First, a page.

The Balboa Park Japanese Friendship Garden hosts the annual Celebration of the Cherry Trees, which boast those beautiful pink blossoms you see above. The festival includes cultural performances, Japanese street food, unique local vendors, and a children’s corner, making it a great outdoor activity for children and adults alike.

This year’s fest featured everything from “healthy”Japanese pancakes, to a beer and tea garden. I sampled a variety of Japanese teas, which offered much needed refreshment after the 1.5 miles we walked to get there (it was probably more than that since we got a little lost). Guests can also partake in Hanami, the traditional custom of picnicking under the cherry trees and, as you can see, this was a popular choice among many…

The Garden’s design is based on centuries-old Japanese techniques adapted to San Diego’s climate – it really is gorgeous! We loved exploring the 12 acres of koi ponds, water features, sukiya-style buildings and beautiful landscape.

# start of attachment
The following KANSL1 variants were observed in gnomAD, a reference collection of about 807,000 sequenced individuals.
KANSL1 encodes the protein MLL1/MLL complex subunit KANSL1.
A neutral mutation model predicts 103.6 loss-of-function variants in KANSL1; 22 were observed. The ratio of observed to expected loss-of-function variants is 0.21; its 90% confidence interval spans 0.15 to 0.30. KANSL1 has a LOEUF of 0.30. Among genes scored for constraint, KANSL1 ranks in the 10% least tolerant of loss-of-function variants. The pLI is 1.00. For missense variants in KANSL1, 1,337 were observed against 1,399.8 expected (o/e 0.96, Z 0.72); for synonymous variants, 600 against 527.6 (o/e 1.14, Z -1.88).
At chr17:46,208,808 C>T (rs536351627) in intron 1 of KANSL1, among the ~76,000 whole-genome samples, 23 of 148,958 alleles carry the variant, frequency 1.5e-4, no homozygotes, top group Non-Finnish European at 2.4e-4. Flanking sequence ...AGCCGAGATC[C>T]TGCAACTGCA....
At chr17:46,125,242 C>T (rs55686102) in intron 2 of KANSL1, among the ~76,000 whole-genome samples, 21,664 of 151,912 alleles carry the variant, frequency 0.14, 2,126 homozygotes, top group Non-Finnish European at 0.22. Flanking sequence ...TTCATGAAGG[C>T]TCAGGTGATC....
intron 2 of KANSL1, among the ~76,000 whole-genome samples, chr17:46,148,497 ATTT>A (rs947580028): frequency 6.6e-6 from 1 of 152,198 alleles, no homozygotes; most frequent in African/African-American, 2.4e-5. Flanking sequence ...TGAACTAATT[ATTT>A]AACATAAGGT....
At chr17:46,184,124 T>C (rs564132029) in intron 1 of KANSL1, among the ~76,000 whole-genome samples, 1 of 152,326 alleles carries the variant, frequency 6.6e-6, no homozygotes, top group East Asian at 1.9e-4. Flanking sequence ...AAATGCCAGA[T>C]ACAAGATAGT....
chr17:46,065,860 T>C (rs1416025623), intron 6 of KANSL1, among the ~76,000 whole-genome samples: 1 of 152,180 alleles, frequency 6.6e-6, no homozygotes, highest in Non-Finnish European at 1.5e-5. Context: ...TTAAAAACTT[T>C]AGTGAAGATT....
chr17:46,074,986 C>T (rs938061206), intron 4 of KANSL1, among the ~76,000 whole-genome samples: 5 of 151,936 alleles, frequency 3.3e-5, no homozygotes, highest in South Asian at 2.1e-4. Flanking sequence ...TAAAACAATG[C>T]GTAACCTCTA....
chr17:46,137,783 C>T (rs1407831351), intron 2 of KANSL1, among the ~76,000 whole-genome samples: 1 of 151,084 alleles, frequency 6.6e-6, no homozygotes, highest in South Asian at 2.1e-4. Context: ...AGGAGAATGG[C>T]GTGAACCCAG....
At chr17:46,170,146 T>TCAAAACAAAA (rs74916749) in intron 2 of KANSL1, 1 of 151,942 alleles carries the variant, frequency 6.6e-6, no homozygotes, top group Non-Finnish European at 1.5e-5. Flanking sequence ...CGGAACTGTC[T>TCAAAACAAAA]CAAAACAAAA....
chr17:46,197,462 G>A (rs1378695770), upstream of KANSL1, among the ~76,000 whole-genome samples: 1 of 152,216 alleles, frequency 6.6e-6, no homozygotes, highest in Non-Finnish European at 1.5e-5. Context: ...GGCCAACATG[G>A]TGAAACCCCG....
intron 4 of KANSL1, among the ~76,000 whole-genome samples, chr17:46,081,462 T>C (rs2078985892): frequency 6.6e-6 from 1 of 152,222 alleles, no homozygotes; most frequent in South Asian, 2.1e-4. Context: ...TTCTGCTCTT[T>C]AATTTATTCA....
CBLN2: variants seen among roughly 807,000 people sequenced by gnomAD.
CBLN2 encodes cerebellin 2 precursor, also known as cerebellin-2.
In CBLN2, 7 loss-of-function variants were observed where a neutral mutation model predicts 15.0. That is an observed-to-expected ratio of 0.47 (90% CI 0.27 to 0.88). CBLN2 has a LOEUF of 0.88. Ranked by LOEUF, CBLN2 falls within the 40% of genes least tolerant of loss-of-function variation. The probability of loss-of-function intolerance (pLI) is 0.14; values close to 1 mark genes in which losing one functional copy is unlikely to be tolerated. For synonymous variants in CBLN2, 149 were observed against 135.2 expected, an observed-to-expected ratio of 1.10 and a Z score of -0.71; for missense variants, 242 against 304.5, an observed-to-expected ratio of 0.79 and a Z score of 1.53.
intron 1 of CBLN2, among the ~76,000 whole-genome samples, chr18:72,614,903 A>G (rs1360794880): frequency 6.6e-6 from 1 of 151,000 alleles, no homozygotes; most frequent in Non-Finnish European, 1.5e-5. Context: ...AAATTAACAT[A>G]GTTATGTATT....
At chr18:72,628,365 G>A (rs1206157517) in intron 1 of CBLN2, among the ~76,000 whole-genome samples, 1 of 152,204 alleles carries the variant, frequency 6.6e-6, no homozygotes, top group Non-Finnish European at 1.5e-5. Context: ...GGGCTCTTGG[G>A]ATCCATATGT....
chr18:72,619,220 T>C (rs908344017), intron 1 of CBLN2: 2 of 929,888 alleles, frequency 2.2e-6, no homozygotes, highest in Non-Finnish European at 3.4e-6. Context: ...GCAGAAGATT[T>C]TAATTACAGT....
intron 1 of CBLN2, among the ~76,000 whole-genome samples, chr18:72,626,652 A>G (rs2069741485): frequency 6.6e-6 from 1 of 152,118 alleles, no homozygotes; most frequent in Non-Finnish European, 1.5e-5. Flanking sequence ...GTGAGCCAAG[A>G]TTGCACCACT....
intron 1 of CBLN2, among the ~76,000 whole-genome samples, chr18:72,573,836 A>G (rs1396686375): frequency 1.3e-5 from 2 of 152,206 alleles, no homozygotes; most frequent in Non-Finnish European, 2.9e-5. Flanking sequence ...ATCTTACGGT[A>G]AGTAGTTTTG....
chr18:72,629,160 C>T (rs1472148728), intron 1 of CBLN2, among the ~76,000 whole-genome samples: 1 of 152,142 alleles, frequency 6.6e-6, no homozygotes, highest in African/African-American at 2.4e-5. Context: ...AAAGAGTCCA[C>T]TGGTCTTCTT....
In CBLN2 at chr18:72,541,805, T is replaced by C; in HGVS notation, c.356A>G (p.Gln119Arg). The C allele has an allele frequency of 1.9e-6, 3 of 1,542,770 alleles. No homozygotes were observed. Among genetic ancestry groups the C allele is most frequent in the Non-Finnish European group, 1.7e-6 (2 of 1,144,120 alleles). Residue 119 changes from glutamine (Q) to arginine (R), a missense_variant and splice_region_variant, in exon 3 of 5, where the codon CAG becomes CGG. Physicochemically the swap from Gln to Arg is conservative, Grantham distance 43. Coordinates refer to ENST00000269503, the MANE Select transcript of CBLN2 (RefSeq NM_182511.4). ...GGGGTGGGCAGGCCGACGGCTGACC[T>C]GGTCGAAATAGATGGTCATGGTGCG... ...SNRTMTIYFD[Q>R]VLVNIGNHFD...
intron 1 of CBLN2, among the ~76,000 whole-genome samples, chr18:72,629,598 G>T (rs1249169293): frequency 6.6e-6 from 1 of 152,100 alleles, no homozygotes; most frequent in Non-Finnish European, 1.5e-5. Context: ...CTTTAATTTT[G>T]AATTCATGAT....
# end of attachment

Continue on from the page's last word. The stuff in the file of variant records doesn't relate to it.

A few tips if you plan to attend the Cherry Blossom Festival…

Purchase your tickets online.
We’ll let you in on a little secret: there’s a separate entrance for online ticket holders so you can go right into the gardens without having to wait in crowded lines. Who doesn’t like a fast pass??

Go on a weekday.
The Cherry Blossom Festival is usually a three-day gig – we highly recommend going on Friday rather than Saturday or Sunday to avoid crowds. We were there on both Friday and Sunday – yes, we’re hard core cherry blossomers. Actually, on Friday, we’d brought our dogs and – note for pet owners, dogs aren’t allowed into the gardens (for understandable reasons, and our dogs proved why that day).